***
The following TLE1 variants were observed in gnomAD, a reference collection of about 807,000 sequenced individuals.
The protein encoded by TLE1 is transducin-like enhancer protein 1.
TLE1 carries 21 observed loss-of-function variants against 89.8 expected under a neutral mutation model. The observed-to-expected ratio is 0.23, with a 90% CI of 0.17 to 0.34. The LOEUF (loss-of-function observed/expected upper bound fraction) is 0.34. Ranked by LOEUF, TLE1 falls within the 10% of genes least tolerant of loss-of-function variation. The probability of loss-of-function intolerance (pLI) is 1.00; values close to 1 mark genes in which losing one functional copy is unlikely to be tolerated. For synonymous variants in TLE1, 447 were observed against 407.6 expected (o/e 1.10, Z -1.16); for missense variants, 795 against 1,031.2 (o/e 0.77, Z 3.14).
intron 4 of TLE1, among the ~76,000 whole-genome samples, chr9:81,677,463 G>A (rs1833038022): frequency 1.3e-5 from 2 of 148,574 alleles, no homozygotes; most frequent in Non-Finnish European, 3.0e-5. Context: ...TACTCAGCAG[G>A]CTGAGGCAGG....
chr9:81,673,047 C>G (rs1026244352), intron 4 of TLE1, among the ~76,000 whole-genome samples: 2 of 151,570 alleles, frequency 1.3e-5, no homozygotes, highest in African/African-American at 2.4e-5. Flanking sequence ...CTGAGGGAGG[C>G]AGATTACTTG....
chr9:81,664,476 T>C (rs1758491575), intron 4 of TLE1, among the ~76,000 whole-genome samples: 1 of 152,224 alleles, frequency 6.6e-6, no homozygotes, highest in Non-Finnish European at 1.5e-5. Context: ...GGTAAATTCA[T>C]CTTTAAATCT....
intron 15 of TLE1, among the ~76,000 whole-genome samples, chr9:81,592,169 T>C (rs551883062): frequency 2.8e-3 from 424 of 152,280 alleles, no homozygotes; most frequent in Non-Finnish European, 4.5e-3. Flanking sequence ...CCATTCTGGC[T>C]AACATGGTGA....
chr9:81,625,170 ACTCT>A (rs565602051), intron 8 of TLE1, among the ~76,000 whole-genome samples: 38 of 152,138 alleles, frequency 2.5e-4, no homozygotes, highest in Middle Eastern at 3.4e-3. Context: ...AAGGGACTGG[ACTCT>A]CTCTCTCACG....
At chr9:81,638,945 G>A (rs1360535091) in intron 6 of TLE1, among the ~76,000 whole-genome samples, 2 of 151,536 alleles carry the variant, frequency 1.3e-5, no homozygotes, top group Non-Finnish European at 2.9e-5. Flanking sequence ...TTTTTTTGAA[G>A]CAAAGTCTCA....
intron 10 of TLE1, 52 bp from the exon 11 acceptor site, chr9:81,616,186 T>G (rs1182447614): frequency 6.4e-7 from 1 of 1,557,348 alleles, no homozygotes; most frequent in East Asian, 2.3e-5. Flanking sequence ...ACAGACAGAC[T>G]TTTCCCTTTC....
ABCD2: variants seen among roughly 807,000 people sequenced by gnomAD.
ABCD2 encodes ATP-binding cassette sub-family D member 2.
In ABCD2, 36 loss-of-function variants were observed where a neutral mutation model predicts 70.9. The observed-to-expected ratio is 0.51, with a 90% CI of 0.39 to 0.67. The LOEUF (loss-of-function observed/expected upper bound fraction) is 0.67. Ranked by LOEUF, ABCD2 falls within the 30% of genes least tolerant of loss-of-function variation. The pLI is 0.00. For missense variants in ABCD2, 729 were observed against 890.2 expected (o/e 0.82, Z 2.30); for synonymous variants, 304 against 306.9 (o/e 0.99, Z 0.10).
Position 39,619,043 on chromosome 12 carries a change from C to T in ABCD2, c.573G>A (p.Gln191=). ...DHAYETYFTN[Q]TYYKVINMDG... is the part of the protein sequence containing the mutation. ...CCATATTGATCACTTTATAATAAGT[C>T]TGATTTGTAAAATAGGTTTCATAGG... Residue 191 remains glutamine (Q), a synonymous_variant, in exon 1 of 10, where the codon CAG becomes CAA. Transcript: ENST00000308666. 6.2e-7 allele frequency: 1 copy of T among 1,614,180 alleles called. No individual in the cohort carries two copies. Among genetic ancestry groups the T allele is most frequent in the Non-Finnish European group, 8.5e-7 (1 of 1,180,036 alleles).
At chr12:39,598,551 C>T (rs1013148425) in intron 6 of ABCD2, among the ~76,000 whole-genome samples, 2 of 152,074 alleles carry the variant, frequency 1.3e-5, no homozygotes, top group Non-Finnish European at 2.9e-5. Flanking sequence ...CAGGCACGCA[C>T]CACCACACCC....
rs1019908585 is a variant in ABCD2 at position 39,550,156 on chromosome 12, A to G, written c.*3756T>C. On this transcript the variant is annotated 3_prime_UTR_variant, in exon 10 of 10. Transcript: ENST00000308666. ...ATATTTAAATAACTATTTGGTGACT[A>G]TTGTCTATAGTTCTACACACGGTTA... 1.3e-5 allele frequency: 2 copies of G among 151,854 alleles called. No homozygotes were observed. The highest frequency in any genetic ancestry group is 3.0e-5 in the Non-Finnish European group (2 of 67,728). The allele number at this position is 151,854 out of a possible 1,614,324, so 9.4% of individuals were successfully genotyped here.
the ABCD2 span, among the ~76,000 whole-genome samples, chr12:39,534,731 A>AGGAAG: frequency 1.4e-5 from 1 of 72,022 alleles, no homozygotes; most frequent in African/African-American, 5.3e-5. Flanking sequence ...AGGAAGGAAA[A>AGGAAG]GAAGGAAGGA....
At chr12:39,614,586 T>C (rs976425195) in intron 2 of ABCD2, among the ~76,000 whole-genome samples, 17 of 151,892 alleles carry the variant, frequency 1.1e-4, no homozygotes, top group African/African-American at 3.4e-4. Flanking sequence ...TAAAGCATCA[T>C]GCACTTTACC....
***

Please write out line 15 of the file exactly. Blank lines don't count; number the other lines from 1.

At chr12:39,598,551 C>T (rs1013148425) in intron 6 of ABCD2, among the ~76,000 whole-genome samples, 2 of 152,074 alleles carry the variant, frequency 1.3e-5, no homozygotes, top group Non-Finnish European at 2.9e-5. Flanking sequence ...CAGGCACGCA[C>T]CACCACACCC....